Supreme Court in Pushker Mukherjee v. State of West Bengal, observed that, it is manifest that every act of assault or injury to specific persons does not lead to public disorder. When two people quarrel and fight and assault each other inside a house or in a street, it may be said that, there is disorder but not public disorder. Such cases are dealt with under the powers vested in the executive authorities under the provisions of ordinary criminal law but the culprits cannot be detained on the ground that they were disturbing public order. The contravention of any law always affects order but before it can be said to affect public order, it must affect the community or the public at large. A mere disturbance of law and order leading to disorder is thus not necessarily sufficient for action under the Preventive Detention Act but a disturbance which will affect public order comes within the scope of the Act.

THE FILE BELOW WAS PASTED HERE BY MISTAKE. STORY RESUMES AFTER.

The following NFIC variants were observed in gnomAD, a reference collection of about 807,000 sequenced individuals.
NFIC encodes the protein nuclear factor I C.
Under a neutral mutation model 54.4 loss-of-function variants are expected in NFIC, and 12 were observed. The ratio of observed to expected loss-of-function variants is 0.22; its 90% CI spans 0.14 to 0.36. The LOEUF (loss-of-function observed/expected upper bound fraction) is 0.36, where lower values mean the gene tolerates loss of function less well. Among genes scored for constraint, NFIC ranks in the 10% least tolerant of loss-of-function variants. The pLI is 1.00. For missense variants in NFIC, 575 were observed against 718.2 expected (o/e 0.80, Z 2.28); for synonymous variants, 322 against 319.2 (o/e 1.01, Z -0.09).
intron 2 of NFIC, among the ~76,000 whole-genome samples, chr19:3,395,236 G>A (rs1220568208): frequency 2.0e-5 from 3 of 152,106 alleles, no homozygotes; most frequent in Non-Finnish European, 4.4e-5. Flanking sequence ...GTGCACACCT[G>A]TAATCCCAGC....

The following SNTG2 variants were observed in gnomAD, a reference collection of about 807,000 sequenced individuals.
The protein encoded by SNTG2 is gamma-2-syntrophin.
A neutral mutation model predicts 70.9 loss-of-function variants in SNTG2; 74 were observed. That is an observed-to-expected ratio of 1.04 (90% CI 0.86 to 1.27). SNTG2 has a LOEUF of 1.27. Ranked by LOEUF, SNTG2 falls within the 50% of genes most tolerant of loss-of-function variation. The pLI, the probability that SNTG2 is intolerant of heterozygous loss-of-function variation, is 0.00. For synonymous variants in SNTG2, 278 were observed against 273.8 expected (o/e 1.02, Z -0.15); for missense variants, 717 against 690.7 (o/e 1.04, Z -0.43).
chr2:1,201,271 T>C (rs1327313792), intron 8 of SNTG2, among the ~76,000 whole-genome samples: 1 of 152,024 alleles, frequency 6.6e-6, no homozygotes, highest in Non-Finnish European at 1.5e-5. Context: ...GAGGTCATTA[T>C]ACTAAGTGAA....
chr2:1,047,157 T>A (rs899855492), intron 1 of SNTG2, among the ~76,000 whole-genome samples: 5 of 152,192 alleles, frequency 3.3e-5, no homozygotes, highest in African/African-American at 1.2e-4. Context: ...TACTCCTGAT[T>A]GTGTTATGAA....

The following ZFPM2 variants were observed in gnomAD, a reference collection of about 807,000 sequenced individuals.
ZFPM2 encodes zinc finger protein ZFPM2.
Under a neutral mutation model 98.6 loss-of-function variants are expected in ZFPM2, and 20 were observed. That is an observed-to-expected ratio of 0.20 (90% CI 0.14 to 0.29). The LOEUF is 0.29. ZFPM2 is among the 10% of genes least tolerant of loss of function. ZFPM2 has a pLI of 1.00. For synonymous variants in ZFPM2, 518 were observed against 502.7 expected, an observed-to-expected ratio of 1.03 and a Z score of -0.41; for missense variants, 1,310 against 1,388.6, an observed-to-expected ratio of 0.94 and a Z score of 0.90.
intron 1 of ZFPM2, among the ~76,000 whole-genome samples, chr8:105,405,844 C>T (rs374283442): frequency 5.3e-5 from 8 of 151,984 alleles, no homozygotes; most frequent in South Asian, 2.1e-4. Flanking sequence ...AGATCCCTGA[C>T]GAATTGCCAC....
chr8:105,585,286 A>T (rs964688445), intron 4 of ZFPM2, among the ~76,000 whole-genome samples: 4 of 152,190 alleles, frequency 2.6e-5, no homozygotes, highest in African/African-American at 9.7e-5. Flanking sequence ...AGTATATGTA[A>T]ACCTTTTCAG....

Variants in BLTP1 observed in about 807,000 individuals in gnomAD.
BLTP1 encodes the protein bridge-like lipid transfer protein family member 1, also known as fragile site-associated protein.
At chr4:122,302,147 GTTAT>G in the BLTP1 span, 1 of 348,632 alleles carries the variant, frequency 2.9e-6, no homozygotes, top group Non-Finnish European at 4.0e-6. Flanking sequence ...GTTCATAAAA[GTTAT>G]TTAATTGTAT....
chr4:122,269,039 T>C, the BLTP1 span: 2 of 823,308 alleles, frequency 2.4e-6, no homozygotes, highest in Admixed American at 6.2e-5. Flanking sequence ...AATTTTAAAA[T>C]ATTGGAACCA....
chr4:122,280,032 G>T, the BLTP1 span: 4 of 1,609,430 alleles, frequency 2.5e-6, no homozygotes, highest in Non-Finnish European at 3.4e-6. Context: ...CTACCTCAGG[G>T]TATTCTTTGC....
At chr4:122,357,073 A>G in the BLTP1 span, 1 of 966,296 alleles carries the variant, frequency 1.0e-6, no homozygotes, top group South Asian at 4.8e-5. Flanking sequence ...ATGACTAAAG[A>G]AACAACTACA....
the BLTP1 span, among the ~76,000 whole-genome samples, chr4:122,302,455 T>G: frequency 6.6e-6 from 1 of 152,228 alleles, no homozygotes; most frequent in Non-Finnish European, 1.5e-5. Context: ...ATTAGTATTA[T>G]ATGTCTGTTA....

Though, there are in all eight offences registered against the Petitioner, Petitioner has been acquitted at-least in two cases and out of remaining cases, at-least for three cases at the relevant time in the year 2008, Petitioner was detained in the year 2008. However, such order of detention was quashed. At present, three FIRs of different years i.e. 2010, 2015 and 2017 only, therefore, though there are multiple FIRs against the Petitioner prima-facie, it would be difficult to conclude that, he is habitual offender. Though order of detention can be passed upon single FIR also, as per settled legal position, in the formula of different pronouncements of Supreme Court of India, generally, there should not be an order of detention in case of traced offences since, it would not amount to disturbance of law and order.